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A Chat with Billy Corgan

As I type this very sentence, I’m in prep mode for the Smashing Pumpkins concert tonight at the NorVa, in Norfolk, VA. Yesterday, however, I was in conversation with the man who fronts the Smashing Pumpkins: Billy Corgan. The opportunity to chat with Corgan came up at the last second, so I’m in debt to my friends and fellow writers who stepped up to the plate and provided me with a few questions, but I managed to slip in a few of my own invention as well. During our conversation, we discussed the current state of the Pumpkins (as you probably already know, he’s the only original member in the line-up), their new music, why he gets frustrated with fans who can’t get exited about his attempts to move forward, and the chances of seeing him playing alongside Jimmy Chamberlin, James Iha, and D’arcy Wretzky again anytime soon. Hint: it’s about as likely as world peace.

Billy Corgan: Hi, Will!

Bullz-Eye: Hey, Billy, good to talk to you!

BC: Thank you!

BE: Well, I know you guys are on tour at the moment, but I actually wanted to kick off by asking you about something from the studio. How did the release of the Teargarden by Kaleidyscope Vol. 1 EP go for you? Was the reaction better or worse than you expected?

BC: It was…probably in the range of expectation, which I have to admit wasn’t real high. (Laughs) Because I knew that I was doing something kind of different, and I thought it would take awhile to put across the different ideas. Not just musical, but, y’know, “Why free? Why have a limited edition?” All of these types of things. I think that part’s gone okay. Musically, I’ve been more focused on trying to figure out a sort of musical way to connect and how that’s going to work over the long range in keeping myself and fans interested. I’ve been sort of more focused on that.

BE: Of the songs I’ve heard thus far, I think my favorite song is “A Stitch in Time.”

BC: Oh, thank you! That’s funny, I was just talking about that: some of the hardcore Smashing Pumpkins fans don’t think very much of that song, and I don’t understand why. I think it’s a very strong song.

BE: I mean this in the best possible way, but…it’s very much a pop song.

BC: (Hesitates) Yeah, but I also think it fits well with some of my other acoustic material, like “Disarm” and things like that. It’s very hard to write an acoustic song that has a narrative just within the acoustic form, if that makes sense, where the song can just hold up as an acoustic song and not just be, like, a nice song that you’re playing acoustically. I sort of look at them differently. And I see it in that way. Maybe people don’t like the production on it, I don’t know. But, yeah, I really like it. It’s one my favorite songs.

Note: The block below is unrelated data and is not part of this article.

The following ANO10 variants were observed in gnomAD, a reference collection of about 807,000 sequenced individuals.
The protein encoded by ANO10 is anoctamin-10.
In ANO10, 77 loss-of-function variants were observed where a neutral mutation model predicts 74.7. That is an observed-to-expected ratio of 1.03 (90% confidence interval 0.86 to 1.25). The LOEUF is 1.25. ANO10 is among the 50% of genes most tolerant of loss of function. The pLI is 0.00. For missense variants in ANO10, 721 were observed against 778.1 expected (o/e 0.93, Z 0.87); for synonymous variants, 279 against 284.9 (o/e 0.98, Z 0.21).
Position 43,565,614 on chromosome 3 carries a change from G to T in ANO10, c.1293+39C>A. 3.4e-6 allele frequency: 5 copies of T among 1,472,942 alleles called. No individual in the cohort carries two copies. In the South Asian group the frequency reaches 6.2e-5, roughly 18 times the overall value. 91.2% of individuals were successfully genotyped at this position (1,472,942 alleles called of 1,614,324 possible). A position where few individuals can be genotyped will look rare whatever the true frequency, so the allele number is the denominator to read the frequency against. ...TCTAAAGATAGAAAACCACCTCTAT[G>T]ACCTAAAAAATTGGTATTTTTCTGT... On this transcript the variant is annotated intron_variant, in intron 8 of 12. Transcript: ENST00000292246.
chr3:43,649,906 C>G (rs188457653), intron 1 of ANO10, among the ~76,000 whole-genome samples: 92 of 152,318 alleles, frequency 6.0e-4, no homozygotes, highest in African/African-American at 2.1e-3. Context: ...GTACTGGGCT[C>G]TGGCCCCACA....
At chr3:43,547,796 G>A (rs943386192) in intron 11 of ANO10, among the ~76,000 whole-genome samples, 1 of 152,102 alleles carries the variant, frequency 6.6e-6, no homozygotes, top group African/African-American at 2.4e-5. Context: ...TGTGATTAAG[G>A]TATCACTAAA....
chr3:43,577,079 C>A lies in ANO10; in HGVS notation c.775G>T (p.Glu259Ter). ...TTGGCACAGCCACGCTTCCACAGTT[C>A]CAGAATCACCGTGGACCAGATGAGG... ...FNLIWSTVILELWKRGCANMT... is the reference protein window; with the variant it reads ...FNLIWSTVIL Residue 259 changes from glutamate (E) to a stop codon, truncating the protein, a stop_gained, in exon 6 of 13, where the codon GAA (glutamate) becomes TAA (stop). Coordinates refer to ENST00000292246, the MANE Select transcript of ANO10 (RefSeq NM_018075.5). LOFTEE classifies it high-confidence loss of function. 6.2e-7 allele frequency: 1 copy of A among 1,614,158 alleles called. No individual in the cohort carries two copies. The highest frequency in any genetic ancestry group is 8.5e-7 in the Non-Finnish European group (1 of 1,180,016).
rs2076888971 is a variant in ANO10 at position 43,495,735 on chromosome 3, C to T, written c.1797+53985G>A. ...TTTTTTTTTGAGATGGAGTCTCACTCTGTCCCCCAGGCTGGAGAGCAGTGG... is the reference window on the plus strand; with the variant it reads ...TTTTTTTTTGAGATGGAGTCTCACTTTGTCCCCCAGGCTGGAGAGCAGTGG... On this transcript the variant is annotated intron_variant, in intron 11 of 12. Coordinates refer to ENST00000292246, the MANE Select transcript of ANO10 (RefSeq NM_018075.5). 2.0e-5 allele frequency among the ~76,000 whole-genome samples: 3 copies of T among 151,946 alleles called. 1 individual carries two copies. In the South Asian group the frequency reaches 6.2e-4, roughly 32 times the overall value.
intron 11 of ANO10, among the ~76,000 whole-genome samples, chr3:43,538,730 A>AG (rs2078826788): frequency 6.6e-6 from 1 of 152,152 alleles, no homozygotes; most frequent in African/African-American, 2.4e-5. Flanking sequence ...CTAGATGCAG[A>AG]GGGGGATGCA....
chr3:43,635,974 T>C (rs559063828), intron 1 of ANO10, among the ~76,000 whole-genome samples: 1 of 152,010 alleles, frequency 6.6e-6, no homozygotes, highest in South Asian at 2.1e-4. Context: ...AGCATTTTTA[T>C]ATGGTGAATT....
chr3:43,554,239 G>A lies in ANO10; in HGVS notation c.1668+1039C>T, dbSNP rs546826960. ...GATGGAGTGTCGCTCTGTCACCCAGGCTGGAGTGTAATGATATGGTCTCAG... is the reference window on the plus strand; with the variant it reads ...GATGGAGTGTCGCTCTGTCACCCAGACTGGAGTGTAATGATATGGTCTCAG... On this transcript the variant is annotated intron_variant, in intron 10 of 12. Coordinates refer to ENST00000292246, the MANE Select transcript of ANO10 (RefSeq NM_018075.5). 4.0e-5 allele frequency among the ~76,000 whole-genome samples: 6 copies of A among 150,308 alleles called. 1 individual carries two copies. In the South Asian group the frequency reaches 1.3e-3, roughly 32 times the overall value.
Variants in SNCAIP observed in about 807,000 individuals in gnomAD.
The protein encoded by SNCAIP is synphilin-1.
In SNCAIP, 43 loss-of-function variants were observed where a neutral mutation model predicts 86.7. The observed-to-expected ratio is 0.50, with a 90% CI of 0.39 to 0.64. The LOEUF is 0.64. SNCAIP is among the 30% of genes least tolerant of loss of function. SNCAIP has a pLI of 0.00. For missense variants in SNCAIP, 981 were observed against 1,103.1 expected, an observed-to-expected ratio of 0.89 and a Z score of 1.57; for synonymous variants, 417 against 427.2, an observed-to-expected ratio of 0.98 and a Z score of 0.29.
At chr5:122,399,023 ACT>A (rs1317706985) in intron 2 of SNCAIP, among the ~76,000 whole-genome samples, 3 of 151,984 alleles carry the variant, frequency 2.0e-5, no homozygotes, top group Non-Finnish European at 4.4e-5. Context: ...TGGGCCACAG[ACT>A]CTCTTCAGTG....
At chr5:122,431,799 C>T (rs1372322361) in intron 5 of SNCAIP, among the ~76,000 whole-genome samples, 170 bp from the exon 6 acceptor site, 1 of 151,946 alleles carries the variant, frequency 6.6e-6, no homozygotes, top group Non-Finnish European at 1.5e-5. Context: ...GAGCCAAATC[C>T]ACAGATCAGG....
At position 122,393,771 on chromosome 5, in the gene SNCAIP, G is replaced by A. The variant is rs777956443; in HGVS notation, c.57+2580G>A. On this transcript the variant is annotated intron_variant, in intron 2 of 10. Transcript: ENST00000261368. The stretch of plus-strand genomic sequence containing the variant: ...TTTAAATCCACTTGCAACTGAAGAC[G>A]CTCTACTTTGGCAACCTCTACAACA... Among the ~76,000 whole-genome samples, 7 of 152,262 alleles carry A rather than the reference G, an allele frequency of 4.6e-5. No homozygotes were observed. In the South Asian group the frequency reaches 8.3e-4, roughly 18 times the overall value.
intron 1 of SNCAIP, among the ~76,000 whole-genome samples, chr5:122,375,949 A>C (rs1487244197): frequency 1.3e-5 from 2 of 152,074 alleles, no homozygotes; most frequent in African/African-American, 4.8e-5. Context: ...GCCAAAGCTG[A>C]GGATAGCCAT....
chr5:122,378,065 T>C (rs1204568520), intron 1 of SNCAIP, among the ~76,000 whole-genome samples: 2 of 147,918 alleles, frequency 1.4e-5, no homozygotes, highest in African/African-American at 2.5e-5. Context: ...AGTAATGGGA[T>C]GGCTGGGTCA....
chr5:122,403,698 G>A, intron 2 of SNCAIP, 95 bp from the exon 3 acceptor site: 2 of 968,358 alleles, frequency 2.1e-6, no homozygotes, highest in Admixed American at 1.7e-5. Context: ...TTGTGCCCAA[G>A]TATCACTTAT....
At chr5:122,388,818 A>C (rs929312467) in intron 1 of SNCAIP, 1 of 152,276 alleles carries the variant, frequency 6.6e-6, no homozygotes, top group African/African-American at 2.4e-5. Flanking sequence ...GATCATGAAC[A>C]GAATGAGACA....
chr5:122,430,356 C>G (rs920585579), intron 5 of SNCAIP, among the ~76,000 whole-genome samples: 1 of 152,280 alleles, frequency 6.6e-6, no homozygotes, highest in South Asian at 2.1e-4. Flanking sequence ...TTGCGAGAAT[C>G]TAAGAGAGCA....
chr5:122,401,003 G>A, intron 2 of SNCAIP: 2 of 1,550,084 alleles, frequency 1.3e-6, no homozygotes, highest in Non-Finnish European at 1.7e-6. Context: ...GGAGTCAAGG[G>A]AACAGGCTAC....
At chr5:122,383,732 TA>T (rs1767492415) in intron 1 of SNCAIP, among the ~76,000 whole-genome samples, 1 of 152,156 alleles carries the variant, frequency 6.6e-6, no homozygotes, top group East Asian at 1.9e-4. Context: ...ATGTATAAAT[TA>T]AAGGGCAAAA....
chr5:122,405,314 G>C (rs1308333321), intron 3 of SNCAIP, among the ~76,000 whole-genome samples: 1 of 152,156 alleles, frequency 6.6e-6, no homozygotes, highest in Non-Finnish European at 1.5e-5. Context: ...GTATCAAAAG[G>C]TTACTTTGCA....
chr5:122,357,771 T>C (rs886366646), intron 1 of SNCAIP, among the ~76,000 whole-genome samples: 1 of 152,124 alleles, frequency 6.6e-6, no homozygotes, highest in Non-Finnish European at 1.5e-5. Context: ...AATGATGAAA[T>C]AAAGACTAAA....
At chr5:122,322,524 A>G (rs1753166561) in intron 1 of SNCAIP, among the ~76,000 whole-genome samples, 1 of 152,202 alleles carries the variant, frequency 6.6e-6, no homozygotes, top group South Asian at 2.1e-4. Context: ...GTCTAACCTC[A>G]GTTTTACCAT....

BE: So will these songs be collected in the future, a la The Aeroplane Flies High?

BC: Yeah, the plan is to ultimately create a full box that would include all the released material, hopefully some unreleased material, and then maybe, like, a DVD or a documentary. Some kind of reason to get the whole thing all at once.

BE: So what continues to drive you to make music under the name “Smashing Pumpkins”? What makes this band feel like “Smashing Pumpkins” as opposed to “Billy Corgan”?

BC: Smashing Pumpkins has always been for me a conceptual thing. Like, if Second City, the Chicago comedy thing, is supposed to be edgy comedy, well, to me, Smashing Pumpkins is always about trying to find a synthesis of an alternative idealism combined with classic rock musical values, and then somehow take those things into the mainstream in a subversive way. That’s sort of at the foundation of the Smashing Pumpkins ideology, and that’s related, obviously, in the releases. To me, when I’ve been in Smashing Pumpkins and I’m focused on making Smashing Pumpkins music, I think very differently about how to make music. It comes more from a conceptual place. It’s, like, “This is the place where you push boundaries.” Personally, I’m much more attracted to acoustic music. But I also realize that acoustic music is something that not everybody feels very strongly about, nor do they understand the force behind it like I feel I do. My voice really, honestly, is better suited for acoustic music. Smashing Pumpkins is, for me, very much like being in a certain kind of uniform and going after a certain sort of objective. If I’m going to follow those objectives, then Smashing Pumpkins is the best way for me to do it. That’s just the way I look at it. The whole question about everybody else in the band and who’s in it and all that, that to me has always been more of a moment-to-moment issue.

BE: Did you expect the controversy, such as it is, when you decided to continue with Smashing Pumpkins?

BC: I honestly…I don’t read press, but I don’t think it’s as much of a controversy as maybe the media tries to make it out to be. We’re selling out all our shows. The shows have been…I don’t know if you’ve seen, but they’ve been very highly reviewed. At the end of the day…you know, people try to be gracious when they say, “Oh, Smashing Pumpkins is you,” but I’ve never felt that. Smashing Pumpkins is about playing music a certain way with a certain sort of spirit, and I don’t think it’s any different from a comedy troupe, where it’s, like, “As long as everybody believes in the idea, it works.” In Smashing Pumpkins, when we had the original members and there were members in the band that didn’t believe in the idea, that didn’t work, either. (Laughs) It’s not always about the individual as it is about the collective idea. So to me, those are arguments that are…I really believe they’re media-based arguments that have more to do with sticking a pin in my side because they can’t really say much else. I’ve been a quality-level musician now for over 20 years, there aren’t a lot of my contemporaries that you can say that about. I’m not a casualty. I’ve been drug-free for 10 years.